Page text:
Large Scale 3-D Cell/Tissue Culturing The challenge: how to grow cells in high densities over a long period of time

Wed, 11/04/2009 - 5:04am
By Stanley Goldberg, P.E., Director, Glen Mills Incorporated

The culturing of adherent cell clusters and tissue masses has developed from single layer 2-D small quantity systems to high cell densities cultured for long periods of time in a large-scale bioreactor, with cells structured in truly 3-D cell growth configurations. By moving away from violent stirred tank bioreactors with tumbling bead supports to stable scaffolds in rotating bed systems allows for long-term growth and study of fragile systems. Cell densities of 1010 have been attained. The ability to utilize scaffolds of varied geometries and surface chemical bonding treatments give researchers enhanced flexibility. The Z®-RP BIOREACTOR System allows for in vitro extracellular matrix (ECM) studies that mimic the natural environment of cells. Also, long-term perfusion operation allows for both the highly economical recovery of excreted biochemicals and the semi-continuous extraction of cells such as stable stem cell lines, while eliminating the need for thousands of rolling bottles. Additionally, with the 3-D structure it is reported to induce specific detoxification abilities. In this apparatus 3D-grown Hepatoma cell lines are candidates for drug testing.

The need to grow cells in high densities for long periods of time presents a great challenge. Allowing adherent cells to grow into a truly natural 3-D structure with minimal use of growth media and high cell densities is part of the target criteria. The Background section of this report reviews the 2-D techniques for cell culture. The equipment reviewed here starts with a discussion of the novel SPONCERAM® based scaffold (doped ceramic oxides) and then the Z®RP BIOREACTOR System that has demonstrated the ability to culture cells continuously for twelve months. An example with hepatoma cells validates the equipment while demonstrating how this equipment can help in drug discovery, stem cell culturing, and regenerative medicine applications.

Equipment selection depends upon the cells being cultured, whether they are (1) free cells or (2) anchored/adherent cells and (3) the quantity to be produced.

For free cells the traditional bioreactor, fermenter, or chemostat can grow cells such as bacteria, algae, yeast, et al. Also disposable equipment such as wave bags may be used. Volumes from very minute up to thousands of liters, such as in the brewing industry, can be produced. This class of equipment requires cells with structural integrity that can resist vigorous stirring and sparing of gases without damage.

One concern here is that the cell densities may be very low, often below one percent by weight. For recovery, such as for intra-cellular enzymes, this would necessitate kill, dewatering, re-suspension, cell breakage (ref: Goldberg) removal of cell debris, and then purification. 3-D cell structures are not formed by such individual cells.

The early culturing of adherent cells has been within petri dishes on agar. Limited space and batch operation have curtailed the length of culture time and the cell densities attainable. The 2-D layering forces an abnormal geometry upon the cells, causing their interactions and aging to be unnatural to accommodate this non-3-D structure. Harvesting of the cells risks contaminating the balance, and quantities recovered are small. Use of clusters of T-flasks allows for greater quantities, but still mandates handling hundreds of individual vessels. Gels and other substrates can induce somewhat thicker masses "2.5-D" but not fully 3-D.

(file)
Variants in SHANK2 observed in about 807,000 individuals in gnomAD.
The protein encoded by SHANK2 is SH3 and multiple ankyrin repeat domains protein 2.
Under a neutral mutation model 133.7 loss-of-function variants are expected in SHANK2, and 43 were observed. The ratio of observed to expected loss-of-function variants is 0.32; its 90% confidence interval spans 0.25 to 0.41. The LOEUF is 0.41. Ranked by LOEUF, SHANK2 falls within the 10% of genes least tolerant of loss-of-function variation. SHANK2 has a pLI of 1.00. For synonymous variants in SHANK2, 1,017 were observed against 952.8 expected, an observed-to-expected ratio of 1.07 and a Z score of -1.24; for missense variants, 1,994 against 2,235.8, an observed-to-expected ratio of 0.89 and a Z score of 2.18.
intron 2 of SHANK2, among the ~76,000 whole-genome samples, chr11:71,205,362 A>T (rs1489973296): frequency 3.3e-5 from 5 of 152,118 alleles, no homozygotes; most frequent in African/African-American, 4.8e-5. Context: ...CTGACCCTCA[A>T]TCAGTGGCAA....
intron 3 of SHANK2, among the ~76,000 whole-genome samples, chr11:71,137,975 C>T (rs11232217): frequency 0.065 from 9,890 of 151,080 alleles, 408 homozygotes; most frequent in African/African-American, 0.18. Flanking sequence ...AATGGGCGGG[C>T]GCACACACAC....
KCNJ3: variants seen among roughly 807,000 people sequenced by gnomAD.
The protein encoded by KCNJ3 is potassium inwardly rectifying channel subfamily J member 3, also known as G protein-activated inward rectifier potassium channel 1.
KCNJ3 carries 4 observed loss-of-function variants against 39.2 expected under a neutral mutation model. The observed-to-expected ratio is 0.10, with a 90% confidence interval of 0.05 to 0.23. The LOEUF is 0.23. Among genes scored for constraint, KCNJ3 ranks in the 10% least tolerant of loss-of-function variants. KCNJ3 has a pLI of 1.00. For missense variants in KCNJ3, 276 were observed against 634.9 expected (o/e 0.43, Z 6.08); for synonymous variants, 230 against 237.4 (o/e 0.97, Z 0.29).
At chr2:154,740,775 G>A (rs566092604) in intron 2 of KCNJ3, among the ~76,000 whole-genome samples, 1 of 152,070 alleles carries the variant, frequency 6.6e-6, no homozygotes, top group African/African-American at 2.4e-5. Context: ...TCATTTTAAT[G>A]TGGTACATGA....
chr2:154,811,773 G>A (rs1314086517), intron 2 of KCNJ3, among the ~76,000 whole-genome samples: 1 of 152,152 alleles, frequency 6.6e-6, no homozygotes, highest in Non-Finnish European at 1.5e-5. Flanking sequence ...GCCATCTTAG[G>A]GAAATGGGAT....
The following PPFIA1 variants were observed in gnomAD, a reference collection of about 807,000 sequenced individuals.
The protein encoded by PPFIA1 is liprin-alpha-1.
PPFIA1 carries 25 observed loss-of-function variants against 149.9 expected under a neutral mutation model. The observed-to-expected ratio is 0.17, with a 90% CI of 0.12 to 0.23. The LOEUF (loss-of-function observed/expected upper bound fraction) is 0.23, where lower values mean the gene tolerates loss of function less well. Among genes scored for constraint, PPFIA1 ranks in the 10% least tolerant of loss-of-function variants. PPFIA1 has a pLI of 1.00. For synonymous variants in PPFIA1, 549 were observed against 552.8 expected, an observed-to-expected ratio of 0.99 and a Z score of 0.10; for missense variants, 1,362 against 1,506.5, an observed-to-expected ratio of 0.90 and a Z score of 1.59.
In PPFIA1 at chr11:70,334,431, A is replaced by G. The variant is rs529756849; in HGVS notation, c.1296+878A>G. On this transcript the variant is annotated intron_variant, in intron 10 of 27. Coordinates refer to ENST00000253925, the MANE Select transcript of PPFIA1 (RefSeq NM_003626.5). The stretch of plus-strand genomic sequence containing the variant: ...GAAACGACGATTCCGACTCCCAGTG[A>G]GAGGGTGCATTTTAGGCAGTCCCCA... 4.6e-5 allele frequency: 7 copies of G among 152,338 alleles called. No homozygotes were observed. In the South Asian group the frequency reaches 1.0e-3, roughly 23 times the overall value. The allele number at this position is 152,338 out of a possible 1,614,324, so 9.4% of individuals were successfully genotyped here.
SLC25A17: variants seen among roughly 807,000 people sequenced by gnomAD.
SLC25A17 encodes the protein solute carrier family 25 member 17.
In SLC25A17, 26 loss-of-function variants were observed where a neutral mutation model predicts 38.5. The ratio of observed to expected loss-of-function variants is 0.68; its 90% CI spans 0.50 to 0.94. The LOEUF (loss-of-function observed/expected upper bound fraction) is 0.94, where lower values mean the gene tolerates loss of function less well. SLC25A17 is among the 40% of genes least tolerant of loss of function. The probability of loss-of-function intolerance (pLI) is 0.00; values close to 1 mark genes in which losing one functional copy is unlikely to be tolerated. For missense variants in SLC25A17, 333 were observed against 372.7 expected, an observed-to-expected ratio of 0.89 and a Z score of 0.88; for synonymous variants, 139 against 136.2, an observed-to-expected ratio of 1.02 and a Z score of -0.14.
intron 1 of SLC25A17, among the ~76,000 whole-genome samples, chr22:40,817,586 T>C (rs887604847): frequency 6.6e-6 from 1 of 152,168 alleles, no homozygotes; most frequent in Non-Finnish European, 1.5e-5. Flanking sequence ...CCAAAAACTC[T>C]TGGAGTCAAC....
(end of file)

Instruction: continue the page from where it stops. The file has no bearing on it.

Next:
Improvement to rolling bottles offers surfaces that are specific for a given adherent cells line. The gentle rolling allows them to affix to the walls while being dipped in and out of the liquid nutrients then back to the atmosphere. The ganging of hundred or thousand of bottles can yield industrial quantities of needed products. Thermal controls, gas monitoring, and rotation may be accomplished by placement into control chambers.

All bottles are discrete, so any contamination can be isolated to limit losses. However, the size of and costs to build and maintain GMP rooms are high. Disposal of spent bottles has become a matter of concern, as has the need to manually handle great numbers of items. Cells densities of 107 are achievable in bottles, but not very useful for the study of Extracellular Matrixes (ECM), nor for testing various scaffold materials and geometries.

A rotating bottle with continuous feed/discharge was developed for NASA over a decade ago. The free falling cells were timed to match rotation, thus giving a "zero gravity" effect (ref: NASA). Here the cells were either freely suspended in the liquid or could be anchored to beads, but no large macrostructures were developed.


SPONCERAM scaffold - top, broad view and bottom, close up view
The initial work to produce a suitable scaffold was within the ceramic manufacturing company, HiPer-Group of Oberkrämer, Germany (near Berlin). By working with doped ceramic oxides, Dr. Hans Hoffmeister developed porous, high surface area structures (up to several hundred square meters in a 500 ml volume) having both macro-pores and micro-pores for cell anchoring (tradename SPONCERAM®). The surface lends itself to various custom moiety treatments that would allow for cells of differing strains to be able to grow upon its matrix. Demonstration segments were used to validate the ability of cells to grow (ref: Hoffmeister).

Small samples or plugs of one inch (2.54 cm) are available for researchers to determine their suitability for any particular cell line. The cells after seeding tend to migrate and anchor at the edges of the pores. Then as growth continues the remainder of the surfaces is coated. The interesting point is, though cell densities approach that of the liver (1010), the matrix does not starve the interior cells. Extended apoptosis is not evident.

Having mastered the technique of forming the SPONCERAM® scaffold, (Figure 1 - Photograph of Scaffold) the next task was to construct a suitable bioreactor that would take advantage of these new materials.